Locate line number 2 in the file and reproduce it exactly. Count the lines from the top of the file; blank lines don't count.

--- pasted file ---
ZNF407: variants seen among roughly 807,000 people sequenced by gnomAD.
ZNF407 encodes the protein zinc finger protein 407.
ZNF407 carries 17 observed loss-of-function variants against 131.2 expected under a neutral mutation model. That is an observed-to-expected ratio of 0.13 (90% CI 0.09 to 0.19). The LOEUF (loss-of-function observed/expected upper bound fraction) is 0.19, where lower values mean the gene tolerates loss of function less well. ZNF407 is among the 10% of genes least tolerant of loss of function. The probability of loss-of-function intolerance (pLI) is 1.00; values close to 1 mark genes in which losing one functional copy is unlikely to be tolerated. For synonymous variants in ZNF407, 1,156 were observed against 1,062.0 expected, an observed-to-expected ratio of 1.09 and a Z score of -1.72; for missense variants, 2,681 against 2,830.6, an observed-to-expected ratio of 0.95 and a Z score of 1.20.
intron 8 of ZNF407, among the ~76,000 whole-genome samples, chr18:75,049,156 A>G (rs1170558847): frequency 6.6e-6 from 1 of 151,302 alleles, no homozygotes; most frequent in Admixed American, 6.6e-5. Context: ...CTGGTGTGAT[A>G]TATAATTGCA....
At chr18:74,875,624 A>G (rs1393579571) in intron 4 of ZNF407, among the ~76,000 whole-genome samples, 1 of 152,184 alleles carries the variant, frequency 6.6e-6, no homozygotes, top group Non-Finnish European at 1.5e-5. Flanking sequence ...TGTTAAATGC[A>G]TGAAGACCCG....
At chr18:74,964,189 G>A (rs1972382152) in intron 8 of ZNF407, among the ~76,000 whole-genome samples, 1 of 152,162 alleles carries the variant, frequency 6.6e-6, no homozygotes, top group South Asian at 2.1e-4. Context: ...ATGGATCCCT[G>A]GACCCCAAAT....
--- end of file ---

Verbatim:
ZNF407 encodes the protein zinc finger protein 407.